Andy Warhol's work in film, video and television is legendary. Not only did Warhol record his personal and cultural environment incessantly as part of his artistic project, he was also the subject and inspiration of many other artists' works. EAI is pleased to present a number of video and film works that feature Warhol, his art, and his social milieu of Superstars, musicians, and celebrities. From the intimate diaries of Jonas Mekas to the lyrical explorations of Marie Menken, these works capture one of the 20th century's most significant artists, his everyday life and his art.
William Wegman is widely known for his work in photography, painting, drawing and video. A postmodern, conceptual humorist, he was termed a "master of whimsy, whose [works] have a charm and absurdist intelligence sometimes worthy of Beckett," by The New Yorker. Best known for his portraits of his Weimeraner dogs, Wegman created a series of comedic, performance-based tapes in the 1970s. Featuring his dog Man Ray, these droll anecdotes remain video classics.
A key figure in Conceptual Art, Lawrence Weiner has long pursued inquiries into language and the art-making process. From his pioneering installation works of the 1960s and '70s through his new digital projects, Weiner posits a radical redefinition of the artist/viewer relationship and the very nature of the artwork. Translating his investigations into linguistic structures and visual systems across varied formats and manifestations, Weiner has also produced books, films, videos, performances and audio works.
Public television station WGBH in Boston was one of the earliest supporters of video art for broadcast television. In the 1960s and '70s, WGBH commissioned, produced and aired experimental tapes by artists, including several seminal anthologies. In 1974 the New Television Workshop was founded for video artists-in-residence. Artists such as Peter Campus and Nam June Paik produced major works while in residence there.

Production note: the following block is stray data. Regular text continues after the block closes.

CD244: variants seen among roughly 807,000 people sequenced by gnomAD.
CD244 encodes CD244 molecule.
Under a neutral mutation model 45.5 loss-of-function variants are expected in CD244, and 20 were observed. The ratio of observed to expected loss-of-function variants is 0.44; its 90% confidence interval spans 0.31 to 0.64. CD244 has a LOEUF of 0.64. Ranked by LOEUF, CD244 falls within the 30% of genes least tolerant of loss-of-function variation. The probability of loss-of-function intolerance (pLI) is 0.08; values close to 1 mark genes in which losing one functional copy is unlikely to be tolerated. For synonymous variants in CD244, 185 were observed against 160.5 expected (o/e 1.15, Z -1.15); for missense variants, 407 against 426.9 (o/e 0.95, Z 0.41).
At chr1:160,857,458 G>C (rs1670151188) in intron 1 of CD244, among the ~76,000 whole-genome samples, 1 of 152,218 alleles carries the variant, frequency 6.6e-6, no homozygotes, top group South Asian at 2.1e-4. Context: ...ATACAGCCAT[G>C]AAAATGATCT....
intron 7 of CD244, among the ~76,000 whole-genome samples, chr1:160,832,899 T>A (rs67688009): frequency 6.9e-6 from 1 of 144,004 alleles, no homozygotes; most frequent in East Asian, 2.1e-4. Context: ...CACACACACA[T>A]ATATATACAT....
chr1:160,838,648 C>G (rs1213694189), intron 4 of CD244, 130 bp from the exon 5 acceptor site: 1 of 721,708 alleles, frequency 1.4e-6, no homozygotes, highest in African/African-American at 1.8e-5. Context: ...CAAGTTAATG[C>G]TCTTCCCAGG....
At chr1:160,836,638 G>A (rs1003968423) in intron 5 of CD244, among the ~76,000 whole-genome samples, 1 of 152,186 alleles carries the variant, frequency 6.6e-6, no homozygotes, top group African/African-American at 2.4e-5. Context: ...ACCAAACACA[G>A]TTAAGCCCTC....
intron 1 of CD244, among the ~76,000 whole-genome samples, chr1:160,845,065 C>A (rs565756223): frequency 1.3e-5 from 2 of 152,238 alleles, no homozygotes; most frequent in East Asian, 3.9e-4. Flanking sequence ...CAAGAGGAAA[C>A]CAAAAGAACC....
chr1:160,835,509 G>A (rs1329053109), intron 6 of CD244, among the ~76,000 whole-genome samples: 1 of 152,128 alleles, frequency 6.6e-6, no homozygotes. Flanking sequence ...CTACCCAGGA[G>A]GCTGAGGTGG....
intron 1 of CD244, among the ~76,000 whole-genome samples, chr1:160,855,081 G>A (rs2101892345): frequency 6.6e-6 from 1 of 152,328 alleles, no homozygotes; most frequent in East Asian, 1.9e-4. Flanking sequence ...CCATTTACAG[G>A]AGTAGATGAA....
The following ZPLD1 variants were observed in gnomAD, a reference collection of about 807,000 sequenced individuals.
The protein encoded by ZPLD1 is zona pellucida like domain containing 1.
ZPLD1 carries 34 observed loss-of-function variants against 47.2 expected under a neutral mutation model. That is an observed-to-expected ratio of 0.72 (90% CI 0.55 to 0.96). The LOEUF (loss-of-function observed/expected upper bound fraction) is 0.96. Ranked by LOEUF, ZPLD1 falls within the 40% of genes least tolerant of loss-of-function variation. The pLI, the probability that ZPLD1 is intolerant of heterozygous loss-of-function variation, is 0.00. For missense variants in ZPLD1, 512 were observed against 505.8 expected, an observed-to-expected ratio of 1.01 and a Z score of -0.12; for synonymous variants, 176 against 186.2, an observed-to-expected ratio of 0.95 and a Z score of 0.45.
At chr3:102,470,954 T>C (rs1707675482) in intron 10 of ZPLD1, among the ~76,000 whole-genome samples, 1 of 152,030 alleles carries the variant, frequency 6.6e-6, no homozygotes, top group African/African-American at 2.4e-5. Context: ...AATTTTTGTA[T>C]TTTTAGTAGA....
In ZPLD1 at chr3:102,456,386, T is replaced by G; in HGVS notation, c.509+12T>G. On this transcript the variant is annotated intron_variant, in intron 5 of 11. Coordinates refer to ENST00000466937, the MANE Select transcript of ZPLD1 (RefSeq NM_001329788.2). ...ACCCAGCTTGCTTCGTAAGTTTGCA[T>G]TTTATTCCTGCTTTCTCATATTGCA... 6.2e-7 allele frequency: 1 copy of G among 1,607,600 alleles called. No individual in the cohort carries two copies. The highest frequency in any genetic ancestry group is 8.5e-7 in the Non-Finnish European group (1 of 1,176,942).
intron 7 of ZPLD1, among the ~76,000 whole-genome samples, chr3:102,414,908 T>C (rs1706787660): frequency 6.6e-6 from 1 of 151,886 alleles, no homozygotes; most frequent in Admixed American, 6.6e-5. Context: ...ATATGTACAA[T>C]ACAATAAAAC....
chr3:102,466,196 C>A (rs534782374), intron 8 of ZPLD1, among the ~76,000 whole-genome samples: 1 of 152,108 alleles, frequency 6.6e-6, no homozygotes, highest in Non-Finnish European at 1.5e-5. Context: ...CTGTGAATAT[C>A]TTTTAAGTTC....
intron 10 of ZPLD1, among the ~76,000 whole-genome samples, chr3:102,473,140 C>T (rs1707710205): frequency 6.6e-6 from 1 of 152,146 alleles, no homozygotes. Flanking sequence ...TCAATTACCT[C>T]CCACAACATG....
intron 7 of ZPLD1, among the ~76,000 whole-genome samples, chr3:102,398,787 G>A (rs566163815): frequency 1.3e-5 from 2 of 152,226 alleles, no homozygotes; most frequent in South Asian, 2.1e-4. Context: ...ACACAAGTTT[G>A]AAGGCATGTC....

Joshua White is a New York-based artist, director and producer. He made his mark as the creator and director of the legendary Joshua Light Show at Bill Graham's Fillmore East in the late 1960s. White went on to design psychedelic light shows for Janis Joplin and Jimi Hendrix, among others, and later directed episodes of television programs such as Seinfeld, The Max Headroom Show and Inside the Actors' Studio. White has also collaborated for many years with artist Michael Smith on multi-media installations and video works.
In the 1970s and early '80s, Hannah Wilke produced performance tapes that examine sex and sexuality, feminism and femininity, the body and its representation. Wilke explores gesture in relation to gender and power, using her own image to confront the erotic representation of the female body in art history and popular culture.
Called "America's most important dramatist" by Eugene Ionesco, Robert Wilson is a major figure in the international avant-garde theater. He has written, designed and directed a distinguished body of work for stage, opera, dance, film and video. His innovative, stylized works for television are minimalist dramas that unfold as waking dreams.
David Wojnarowicz channeled a vast accumulation of raw images, sounds, memories, and lived experiences into a powerful voice that was an indelible presence in the New York City downtown art scene of the 1970s and '80s. Through writing, film, painting, drawing, photography, mixed-media installations, and performance, Wojnarowicz affirmed art's vivifying power in a society he viewed as alienating and corrosive, especially for those who were not part of the "pre-invented existence" of the mainstream. Using blunt symbology and graphic illustrations, he exposed what he felt this mainstream repressed: poverty, abuses of power, blind nationalism, greed, gay sex, and the devastation of the AIDS epidemic. His nihilism, however, was also infused with his celebration and empathetic documentation of the alternative histories that he witnessed and lived.
The Wooster Group is an ensemble of artists who, under the direction of Elizabeth LeCompte, have collaborated on the development and production of theater, film and media pieces. Considered America's leading experimental theater group, the New York-based Group is renowned for its complex and compelling "televisual" stage productions. The Wooster Group's core members include Jim Clayburgh, Willem Dafoe, Spalding Gray, Elizabeth LeCompte, Peyton Smith, and Kate Valk.
Founded by graduates of Lódz Film School in 1970, the Workshop of the Film Form helped define the moving image avant-garde in Poland in the 1970s. The Workshop was a pioneering and highly influential collective that promoted analytical experimentation in all of their multidisciplinary practices. Key members included Kazimierz Bendkowski, Wojciech Bruszewski, Pawel Kwiek, Józef Robakowski, and Ryszard Wasko.